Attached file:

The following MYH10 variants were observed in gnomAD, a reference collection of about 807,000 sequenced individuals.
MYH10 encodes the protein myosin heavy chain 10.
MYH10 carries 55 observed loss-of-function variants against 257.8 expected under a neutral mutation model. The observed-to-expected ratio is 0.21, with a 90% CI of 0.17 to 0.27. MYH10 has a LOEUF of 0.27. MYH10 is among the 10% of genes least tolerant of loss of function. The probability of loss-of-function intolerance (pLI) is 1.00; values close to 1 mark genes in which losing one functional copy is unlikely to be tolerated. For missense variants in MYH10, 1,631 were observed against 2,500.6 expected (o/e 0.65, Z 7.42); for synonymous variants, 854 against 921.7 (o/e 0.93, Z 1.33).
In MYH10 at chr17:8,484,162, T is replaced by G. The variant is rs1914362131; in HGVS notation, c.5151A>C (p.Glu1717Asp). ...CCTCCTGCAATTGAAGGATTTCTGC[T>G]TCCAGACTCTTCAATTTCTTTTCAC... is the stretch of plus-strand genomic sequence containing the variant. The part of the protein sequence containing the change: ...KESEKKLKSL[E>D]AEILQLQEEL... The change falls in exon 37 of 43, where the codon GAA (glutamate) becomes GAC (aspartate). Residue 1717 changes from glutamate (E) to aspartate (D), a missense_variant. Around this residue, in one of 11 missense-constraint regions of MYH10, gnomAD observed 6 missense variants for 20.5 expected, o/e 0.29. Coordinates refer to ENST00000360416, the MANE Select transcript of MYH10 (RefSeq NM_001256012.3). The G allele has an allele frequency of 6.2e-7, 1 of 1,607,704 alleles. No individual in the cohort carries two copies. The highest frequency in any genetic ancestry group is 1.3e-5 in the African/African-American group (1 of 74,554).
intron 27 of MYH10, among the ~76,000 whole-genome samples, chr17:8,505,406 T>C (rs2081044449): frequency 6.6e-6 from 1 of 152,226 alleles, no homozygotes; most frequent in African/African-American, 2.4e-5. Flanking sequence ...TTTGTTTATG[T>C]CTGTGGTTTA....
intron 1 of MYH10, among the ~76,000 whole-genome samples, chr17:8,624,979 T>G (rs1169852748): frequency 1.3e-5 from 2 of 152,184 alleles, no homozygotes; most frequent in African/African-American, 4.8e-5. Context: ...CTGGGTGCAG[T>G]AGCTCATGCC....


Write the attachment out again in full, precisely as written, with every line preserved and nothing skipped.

The following MYH10 variants were observed in gnomAD, a reference collection of about 807,000 sequenced individuals.
MYH10 encodes the protein myosin heavy chain 10.
MYH10 carries 55 observed loss-of-function variants against 257.8 expected under a neutral mutation model. The observed-to-expected ratio is 0.21, with a 90% CI of 0.17 to 0.27. MYH10 has a LOEUF of 0.27. MYH10 is among the 10% of genes least tolerant of loss of function. The probability of loss-of-function intolerance (pLI) is 1.00; values close to 1 mark genes in which losing one functional copy is unlikely to be tolerated. For missense variants in MYH10, 1,631 were observed against 2,500.6 expected (o/e 0.65, Z 7.42); for synonymous variants, 854 against 921.7 (o/e 0.93, Z 1.33).
In MYH10 at chr17:8,484,162, T is replaced by G. The variant is rs1914362131; in HGVS notation, c.5151A>C (p.Glu1717Asp). ...CCTCCTGCAATTGAAGGATTTCTGC[T>G]TCCAGACTCTTCAATTTCTTTTCAC... is the stretch of plus-strand genomic sequence containing the variant. The part of the protein sequence containing the change: ...KESEKKLKSL[E>D]AEILQLQEEL... The change falls in exon 37 of 43, where the codon GAA (glutamate) becomes GAC (aspartate). Residue 1717 changes from glutamate (E) to aspartate (D), a missense_variant. Around this residue, in one of 11 missense-constraint regions of MYH10, gnomAD observed 6 missense variants for 20.5 expected, o/e 0.29. Coordinates refer to ENST00000360416, the MANE Select transcript of MYH10 (RefSeq NM_001256012.3). The G allele has an allele frequency of 6.2e-7, 1 of 1,607,704 alleles. No individual in the cohort carries two copies. The highest frequency in any genetic ancestry group is 1.3e-5 in the African/African-American group (1 of 74,554).
intron 27 of MYH10, among the ~76,000 whole-genome samples, chr17:8,505,406 T>C (rs2081044449): frequency 6.6e-6 from 1 of 152,226 alleles, no homozygotes; most frequent in African/African-American, 2.4e-5. Flanking sequence ...TTTGTTTATG[T>C]CTGTGGTTTA....
intron 1 of MYH10, among the ~76,000 whole-genome samples, chr17:8,624,979 T>G (rs1169852748): frequency 1.3e-5 from 2 of 152,184 alleles, no homozygotes; most frequent in African/African-American, 4.8e-5. Context: ...CTGGGTGCAG[T>G]AGCTCATGCC....